You Can't Scream! is a horror based script written by Keith Champagne and I'm working on the pencils and inks. I can't say much about it yet but it's a one-shot issue with a 24 page story that involves Demons, 9mm's, fangs, zombies, leather, and a little bit of cleavage. It's been a blast to draw and I'm really happy with the way it's coming out so far. It's tentatively scheduled for an October (Halloween?) release as possibly part of an anthology but that may change. 

  I've added some character sheets below of some of the players. If I get word at any point to start showing some artwork, I'll make sure to post it up here.







Warren Martineck



New Job? You bet.

 There have been many changes around here recently, a lot of cool new stuff happening I can't wait to talk about, and plenty of things to keep me extra busy and (semi-) out of trouble.  Of all the things going on, the one I'm most excited to announce is the new position I've accepted at Rittenhouse Archives. Rittenhouse is one of the top Entertainment Trading Card companies in the world and I'm honored to be joining their team.

  Among various job requirements, I'll be in charge of finding new talent, bringing in new artists and working with the artists we already have helping them to evolve their work and expand their contribution to future sets. Also, you will probably be seeing me at more conventions, which is a good thing… I really need to get out of the studio more. And don't worry, I'll still be drawing my share of Sketch Cards. There are so many ideas and techniques I can't wait to dive into on upcoming sets to keep both the fans and myself entertained.

  I'm looking forward to getting settled in over the next few weeks and to get some balls rolling.



Warren Martineck


Director Of Special Projects



Marvel Greatest Heroes Scans

As promised, I've begun posting the scans of all my  Marvel Greatest Hero cards. Not being in the mood to blow my wad all in one shot, I've decided to release 2 -3 pages a day until the official release next week.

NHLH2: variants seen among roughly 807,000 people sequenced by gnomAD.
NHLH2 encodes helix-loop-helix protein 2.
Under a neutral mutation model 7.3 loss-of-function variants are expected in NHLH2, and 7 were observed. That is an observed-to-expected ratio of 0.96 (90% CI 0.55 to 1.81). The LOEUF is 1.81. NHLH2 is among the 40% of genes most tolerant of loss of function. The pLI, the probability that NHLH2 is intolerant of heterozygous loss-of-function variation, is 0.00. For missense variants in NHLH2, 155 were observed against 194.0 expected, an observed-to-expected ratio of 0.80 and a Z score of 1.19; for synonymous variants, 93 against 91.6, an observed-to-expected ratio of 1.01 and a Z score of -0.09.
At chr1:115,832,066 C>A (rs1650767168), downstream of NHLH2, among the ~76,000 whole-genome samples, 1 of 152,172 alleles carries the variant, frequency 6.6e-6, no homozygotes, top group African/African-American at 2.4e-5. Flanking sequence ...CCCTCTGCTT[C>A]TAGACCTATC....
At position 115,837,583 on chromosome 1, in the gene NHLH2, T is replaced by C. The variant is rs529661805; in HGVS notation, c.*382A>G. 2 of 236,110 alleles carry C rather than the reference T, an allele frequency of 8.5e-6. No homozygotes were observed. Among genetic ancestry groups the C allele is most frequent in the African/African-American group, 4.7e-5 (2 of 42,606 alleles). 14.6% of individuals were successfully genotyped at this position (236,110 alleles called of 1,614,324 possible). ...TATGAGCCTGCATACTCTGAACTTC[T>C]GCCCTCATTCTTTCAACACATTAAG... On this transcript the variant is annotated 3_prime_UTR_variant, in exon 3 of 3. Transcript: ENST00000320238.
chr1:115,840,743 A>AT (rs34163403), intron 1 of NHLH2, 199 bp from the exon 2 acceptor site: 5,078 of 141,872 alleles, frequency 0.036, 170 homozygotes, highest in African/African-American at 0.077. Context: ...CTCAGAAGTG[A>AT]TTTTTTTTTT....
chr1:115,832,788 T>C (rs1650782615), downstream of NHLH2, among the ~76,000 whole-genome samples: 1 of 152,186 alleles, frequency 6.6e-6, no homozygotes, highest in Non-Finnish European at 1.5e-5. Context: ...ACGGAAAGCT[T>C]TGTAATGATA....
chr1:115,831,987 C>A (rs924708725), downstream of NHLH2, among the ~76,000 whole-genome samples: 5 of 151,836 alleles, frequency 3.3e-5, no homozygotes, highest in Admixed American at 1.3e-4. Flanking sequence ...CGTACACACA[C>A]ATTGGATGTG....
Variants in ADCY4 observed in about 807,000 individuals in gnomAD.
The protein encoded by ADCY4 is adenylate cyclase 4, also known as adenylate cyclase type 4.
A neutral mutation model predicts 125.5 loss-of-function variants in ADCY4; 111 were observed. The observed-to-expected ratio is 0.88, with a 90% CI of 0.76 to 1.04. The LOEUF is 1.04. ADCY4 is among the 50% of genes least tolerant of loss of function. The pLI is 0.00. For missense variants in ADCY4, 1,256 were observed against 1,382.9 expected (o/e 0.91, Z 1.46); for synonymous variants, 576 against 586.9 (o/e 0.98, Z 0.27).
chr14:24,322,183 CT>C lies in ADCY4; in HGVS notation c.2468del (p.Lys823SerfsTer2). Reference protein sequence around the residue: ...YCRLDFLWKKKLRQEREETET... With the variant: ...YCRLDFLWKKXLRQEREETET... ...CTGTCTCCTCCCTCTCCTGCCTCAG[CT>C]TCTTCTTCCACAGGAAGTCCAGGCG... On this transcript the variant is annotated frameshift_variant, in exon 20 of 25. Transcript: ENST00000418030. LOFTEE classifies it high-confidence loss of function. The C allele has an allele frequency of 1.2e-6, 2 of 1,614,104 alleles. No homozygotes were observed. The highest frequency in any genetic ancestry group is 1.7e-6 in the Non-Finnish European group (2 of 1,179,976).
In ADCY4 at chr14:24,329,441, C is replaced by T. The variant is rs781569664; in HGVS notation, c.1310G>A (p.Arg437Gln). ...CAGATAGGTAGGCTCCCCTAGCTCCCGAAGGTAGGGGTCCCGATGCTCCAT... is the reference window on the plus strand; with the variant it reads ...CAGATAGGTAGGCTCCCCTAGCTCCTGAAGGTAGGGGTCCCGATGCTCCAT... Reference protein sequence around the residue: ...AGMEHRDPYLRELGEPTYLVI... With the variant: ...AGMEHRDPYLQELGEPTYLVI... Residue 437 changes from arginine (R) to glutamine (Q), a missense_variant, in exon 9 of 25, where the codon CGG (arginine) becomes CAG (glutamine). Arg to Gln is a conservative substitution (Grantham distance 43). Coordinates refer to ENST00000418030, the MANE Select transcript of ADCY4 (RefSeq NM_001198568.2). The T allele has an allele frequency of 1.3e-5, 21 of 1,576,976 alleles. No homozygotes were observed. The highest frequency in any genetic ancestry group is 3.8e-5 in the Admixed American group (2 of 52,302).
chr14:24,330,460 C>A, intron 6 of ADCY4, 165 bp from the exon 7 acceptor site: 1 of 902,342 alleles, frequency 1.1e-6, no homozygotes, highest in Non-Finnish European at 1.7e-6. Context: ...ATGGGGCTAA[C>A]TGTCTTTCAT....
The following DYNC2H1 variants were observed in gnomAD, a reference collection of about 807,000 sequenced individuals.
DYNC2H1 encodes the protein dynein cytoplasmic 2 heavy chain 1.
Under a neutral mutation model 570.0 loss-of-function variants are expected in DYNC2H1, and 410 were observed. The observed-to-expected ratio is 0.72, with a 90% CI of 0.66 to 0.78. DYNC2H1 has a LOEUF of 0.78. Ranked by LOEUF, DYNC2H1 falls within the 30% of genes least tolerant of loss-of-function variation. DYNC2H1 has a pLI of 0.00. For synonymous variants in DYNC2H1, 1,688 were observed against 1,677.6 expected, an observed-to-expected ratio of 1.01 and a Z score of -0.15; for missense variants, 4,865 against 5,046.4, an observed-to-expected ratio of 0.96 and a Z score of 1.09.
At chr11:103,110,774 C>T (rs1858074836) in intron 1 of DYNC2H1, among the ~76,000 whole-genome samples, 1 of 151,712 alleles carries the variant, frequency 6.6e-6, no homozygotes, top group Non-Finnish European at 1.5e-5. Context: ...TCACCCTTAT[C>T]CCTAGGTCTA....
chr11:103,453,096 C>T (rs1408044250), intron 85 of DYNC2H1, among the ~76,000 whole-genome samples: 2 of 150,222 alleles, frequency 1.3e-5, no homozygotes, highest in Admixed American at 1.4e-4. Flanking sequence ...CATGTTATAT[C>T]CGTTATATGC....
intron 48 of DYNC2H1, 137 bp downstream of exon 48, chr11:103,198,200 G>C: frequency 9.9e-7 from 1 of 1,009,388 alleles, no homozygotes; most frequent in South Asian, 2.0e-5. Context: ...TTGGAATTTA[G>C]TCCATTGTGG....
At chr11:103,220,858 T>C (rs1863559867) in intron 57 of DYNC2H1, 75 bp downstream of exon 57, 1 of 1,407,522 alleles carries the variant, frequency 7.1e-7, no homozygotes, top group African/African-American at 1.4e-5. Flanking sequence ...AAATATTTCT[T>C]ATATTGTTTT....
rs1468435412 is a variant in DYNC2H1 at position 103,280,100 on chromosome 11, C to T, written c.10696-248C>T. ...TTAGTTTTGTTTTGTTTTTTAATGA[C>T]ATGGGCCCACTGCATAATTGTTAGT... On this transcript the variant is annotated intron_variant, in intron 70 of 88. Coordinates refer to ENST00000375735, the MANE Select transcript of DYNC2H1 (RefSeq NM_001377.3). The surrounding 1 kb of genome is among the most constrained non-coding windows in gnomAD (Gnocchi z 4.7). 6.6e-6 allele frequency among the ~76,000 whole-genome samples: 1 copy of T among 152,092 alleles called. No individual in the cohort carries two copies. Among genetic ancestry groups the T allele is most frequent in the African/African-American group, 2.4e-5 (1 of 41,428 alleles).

I now have all 17 pages in my Marvel Greatest Heroes Sketch Card Gallery posted.  


Update: 3/8 - Pages 4, 5, & 6 posted

Update: 3/9 - Pages 7 & 8 posted

Update: 3/10 - Pages 9 & 10 posted

Update: 3/12 - Pages 11, 12 & 13 posted

Update: 3/13 - Pages 14 & 15 posted (Note: It took a little longer to post this as I had to rework some of the pages yet to be posted as I just found out one of my 2002 cards was rejected. "Too much blood" or something to that fact. Oh well. 

Update: 3/14 - Pages 16 & 17 posted 

It's now out today, so enjoy all the wrapper rippin!








Warren Martineck




Ralph McQuarrie R.I.P.

The Art of The Empire Strikes back was one of the first books I got when I was a kid that really changed my life, all due in part to Ralph McQuarrie's paintings and design work. His art was absolutely stunning and, all pun intended, out of this world. I was able to see first hand the power of truly fantastic art that can move you and suck you in and at the same time showing that being an artist could actually be a viable career choice. 

It's sad to hear of his passing and although I'd never met him, I can only say thanks to Ralph for inadvertently picking my path I will walk for the rest of my life. I wouldn't be who I am without him.

Enjoy the rest of your journey.





Warren Martineck